Thursday, August 15, 2013

Taking a proper gander

Taking a ‘proper gander’ is to take a really good look. But ‘propaganda’ is, if anything, implying that what you see is diffused, distorted, or even disingenuous.

On Tuesday I went to London with a friend and, before enjoying ‘Woman in Black’ at the Fortune Theatre, we went to the British Library and visited ‘Propaganda, power and persuasion’.  From origins (anti-papist cartoons, even Egyptian monoliths) through war (I was hugely impressed with some early animation from WWI) via health and all the way up to today. Propaganda is part of our lives.

The leaflet that accompanies the exhibition has a ‘user’s guide to basic techniques’. Just in case you fancied overthrowing a government, or establishing a new religion perhaps... in fact, when I looked at the basic techniques, they are so much a part of my world that it was just a little bit scary.

Here are the British Library’s basic techniques, and my interpretation of how I encounter them:

1. Establish authority

I’m a manager – if I had no authority, I couldn't manage or lead my team.

2. Exploit existing beliefs

We live in a world surrounded by social, religious and moral beliefs, behaviours and mores. I need say no more – just watch the news.

3. Appeal to patriotism

Before we go down the dangerous nationalist route, I only need think about the work I do every day which talks about how a disease affects hundreds of thousands of people in our country, impacting our economy and our lives. I probably wouldn't get very far on the basis that the disease affects far more people (over 5 million) in the US.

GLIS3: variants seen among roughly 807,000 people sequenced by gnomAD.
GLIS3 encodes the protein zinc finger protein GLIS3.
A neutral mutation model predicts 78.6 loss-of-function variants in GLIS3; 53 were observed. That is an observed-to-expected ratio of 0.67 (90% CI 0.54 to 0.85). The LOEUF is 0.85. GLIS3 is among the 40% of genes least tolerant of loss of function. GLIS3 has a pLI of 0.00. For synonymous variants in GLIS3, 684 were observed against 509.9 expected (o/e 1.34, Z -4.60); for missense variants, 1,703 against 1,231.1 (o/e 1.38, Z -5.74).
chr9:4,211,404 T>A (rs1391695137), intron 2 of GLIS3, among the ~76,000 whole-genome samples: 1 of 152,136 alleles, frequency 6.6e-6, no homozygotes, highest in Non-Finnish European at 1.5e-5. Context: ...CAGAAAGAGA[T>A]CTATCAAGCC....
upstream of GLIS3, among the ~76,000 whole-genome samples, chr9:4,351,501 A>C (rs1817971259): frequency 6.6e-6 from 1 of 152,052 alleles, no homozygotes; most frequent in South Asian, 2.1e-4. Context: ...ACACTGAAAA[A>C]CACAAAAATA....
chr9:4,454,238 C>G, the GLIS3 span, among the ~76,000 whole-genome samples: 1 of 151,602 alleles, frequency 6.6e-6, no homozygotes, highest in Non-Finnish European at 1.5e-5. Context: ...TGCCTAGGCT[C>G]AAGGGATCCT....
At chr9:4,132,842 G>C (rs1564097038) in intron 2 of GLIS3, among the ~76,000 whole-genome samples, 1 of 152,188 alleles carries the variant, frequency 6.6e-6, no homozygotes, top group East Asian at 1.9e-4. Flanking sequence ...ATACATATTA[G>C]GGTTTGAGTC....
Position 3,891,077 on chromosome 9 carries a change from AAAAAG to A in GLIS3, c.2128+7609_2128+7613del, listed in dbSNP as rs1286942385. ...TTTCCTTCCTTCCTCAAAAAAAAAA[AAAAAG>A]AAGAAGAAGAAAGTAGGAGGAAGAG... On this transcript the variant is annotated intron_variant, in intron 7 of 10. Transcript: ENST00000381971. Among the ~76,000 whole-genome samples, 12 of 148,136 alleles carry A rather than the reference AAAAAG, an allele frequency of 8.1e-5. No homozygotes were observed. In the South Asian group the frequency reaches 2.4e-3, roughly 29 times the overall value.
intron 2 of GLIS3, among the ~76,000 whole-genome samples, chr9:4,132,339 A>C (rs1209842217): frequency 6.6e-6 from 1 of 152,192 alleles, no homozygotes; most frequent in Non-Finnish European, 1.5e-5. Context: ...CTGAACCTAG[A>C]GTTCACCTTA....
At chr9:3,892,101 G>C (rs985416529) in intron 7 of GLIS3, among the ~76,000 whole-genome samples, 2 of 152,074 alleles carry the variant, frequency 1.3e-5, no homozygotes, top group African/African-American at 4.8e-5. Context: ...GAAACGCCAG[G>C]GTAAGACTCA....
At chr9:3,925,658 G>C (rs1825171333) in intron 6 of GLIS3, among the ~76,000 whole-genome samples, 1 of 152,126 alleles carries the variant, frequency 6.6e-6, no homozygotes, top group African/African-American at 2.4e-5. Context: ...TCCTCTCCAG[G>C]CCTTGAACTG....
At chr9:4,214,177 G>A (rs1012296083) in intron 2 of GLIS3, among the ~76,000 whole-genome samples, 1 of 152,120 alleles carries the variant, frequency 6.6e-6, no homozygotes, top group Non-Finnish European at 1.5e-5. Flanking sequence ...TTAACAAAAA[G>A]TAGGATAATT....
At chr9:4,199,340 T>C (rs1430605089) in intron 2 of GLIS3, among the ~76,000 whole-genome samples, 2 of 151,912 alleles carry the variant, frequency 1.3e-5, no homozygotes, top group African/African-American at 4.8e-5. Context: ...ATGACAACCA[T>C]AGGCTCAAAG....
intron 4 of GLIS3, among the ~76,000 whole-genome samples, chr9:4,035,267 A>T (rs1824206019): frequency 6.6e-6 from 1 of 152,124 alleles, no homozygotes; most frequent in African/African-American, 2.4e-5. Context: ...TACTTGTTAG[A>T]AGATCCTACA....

4. Create fear

Fear is a key motivator in advertising. Brush your teeth regularly with ‘Wonderpaste’ so you don’t get gum disease and lose all your friends...

5. Use humour

I'm sure you can come up with plenty of examples, but to give you a hint, look at any of the newspapers and you will find cartoons of politicians, celebrities, business leaders...

6. Imply everyone agrees

Or every cat, or at least 8 out of 10 cats...

7. Disguise the source

Friend of a friend strikes again... social media is wonderfully rife with stories and scares and outrage and you believe it because your friends told you so. Trace the source of some of these stories and, if you had known the origins in the first place, you would not have paid the slightest bit of attention to the issue.

8. Hammer it home

As we say in advertising, tell them once, tell them again, then tell them you’ve told them.

9. Make false connections

For this one I’ll repeat what the BL say: “Start with an uncontested statement and link it with something more controversial. Many people will not notice that there is no logical link between the two.”

10. Be selective about the truth

90% of women in our survey loved it... we surveyed 10 women. One of them thought it was absolutely disgusting.

11. Establish a leadership cult

Watch out Simon Cowell... for as leaders rise, so do they fall. Sadly, in my opinion, leadership cults (and celebrities are leaders) are the motivating factor for millions of people. Beware the feet of clay.

I loved the exhibition – from the cartoon of the pope as a bizarre mythological creature through to the 80s TV advert about AIDS – propaganda isn’t a word, it’s an intrinsic part of our everyday lives.

Disney WWII propaganda cartoon (not featured in exhibition)
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